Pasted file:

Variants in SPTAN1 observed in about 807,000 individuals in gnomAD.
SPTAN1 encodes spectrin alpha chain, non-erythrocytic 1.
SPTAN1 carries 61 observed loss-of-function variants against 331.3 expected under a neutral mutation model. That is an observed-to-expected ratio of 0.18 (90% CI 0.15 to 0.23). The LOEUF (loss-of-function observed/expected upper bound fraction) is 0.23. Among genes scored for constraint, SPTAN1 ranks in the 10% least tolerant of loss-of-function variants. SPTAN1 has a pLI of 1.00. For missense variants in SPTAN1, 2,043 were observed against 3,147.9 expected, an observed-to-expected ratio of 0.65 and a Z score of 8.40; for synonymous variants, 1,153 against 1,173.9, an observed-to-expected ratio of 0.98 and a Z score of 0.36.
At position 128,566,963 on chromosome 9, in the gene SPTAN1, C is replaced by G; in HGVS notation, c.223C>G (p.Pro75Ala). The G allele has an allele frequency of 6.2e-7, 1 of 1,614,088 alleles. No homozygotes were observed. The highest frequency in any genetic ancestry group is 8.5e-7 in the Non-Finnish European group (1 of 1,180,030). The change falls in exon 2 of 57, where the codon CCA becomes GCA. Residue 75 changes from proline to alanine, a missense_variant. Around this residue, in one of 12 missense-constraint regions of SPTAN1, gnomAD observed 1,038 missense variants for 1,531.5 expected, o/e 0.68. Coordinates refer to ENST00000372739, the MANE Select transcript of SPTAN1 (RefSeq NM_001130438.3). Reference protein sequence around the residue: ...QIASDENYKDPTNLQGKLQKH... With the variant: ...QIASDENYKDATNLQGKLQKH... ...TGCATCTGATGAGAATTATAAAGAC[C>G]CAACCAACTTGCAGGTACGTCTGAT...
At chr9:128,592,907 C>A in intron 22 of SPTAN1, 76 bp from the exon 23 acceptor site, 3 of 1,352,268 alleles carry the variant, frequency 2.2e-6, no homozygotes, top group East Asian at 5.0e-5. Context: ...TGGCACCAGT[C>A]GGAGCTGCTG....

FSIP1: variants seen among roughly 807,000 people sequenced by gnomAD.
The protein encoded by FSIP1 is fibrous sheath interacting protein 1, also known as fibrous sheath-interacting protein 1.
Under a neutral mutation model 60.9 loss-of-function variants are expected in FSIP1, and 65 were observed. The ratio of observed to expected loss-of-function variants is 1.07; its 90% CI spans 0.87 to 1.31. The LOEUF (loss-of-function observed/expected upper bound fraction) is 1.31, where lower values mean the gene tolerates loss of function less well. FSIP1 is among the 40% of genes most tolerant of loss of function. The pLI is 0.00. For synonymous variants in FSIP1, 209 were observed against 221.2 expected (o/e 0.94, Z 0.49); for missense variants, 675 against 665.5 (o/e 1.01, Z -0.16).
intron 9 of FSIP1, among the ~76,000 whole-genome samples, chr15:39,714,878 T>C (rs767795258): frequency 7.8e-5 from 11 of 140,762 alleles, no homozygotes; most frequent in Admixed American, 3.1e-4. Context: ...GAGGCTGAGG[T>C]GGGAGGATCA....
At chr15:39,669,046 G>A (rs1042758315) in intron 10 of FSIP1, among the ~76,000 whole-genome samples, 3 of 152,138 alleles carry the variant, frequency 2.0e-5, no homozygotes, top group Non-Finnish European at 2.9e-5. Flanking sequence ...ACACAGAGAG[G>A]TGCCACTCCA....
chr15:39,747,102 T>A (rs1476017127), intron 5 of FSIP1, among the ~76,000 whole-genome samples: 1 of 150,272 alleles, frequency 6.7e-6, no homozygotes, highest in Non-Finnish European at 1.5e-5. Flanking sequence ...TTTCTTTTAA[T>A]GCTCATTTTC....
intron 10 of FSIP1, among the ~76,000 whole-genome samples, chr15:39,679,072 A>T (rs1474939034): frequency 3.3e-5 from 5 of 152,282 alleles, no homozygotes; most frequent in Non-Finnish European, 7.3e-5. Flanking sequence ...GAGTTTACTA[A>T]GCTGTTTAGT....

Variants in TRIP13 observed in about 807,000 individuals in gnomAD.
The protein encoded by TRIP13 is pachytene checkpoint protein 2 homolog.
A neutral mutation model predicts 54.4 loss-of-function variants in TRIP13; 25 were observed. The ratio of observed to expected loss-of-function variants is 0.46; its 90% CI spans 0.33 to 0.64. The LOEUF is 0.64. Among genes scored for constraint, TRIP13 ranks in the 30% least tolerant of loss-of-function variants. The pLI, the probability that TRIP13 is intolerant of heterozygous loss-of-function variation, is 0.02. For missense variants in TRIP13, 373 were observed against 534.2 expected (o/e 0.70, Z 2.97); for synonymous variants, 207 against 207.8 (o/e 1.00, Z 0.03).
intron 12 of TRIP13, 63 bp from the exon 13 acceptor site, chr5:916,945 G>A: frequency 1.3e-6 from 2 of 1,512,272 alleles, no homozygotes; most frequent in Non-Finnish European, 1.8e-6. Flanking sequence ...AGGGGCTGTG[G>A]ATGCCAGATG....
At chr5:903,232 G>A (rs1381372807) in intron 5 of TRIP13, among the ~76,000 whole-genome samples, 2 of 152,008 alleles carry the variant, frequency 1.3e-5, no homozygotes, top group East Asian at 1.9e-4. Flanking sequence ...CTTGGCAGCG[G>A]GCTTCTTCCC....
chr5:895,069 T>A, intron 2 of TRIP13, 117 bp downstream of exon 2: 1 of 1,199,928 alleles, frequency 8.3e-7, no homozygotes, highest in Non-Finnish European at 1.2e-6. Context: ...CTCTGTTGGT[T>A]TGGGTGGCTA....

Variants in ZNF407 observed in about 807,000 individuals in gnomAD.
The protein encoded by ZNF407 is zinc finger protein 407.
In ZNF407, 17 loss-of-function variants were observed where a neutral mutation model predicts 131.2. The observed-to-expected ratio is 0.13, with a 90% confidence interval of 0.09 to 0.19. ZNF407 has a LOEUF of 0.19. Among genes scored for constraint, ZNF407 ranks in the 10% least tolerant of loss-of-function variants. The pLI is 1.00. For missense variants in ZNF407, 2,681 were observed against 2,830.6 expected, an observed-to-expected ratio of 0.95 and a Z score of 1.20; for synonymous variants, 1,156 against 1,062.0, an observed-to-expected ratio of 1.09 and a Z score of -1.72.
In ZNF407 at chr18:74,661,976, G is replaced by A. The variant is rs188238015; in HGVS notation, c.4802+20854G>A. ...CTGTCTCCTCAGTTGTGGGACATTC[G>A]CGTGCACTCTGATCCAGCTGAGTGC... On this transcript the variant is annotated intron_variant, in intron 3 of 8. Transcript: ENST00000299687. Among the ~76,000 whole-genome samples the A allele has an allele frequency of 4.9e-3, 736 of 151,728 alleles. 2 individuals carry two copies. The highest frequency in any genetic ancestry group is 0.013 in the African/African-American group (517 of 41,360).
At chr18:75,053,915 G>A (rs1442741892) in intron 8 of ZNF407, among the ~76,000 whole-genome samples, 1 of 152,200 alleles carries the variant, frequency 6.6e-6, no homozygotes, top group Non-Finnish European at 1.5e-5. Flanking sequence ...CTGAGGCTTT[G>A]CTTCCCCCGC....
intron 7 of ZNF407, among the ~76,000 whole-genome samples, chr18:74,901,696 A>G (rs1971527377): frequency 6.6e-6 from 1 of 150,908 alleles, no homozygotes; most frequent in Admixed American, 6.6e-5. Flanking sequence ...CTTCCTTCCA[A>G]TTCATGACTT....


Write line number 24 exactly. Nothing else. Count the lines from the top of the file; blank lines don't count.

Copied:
intron 7 of ZNF407, among the ~76,000 whole-genome samples, chr18:74,901,696 A>G (rs1971527377): frequency 6.6e-6 from 1 of 150,908 alleles, no homozygotes; most frequent in Admixed American, 6.6e-5. Flanking sequence ...CTTCCTTCCA[A>G]TTCATGACTT....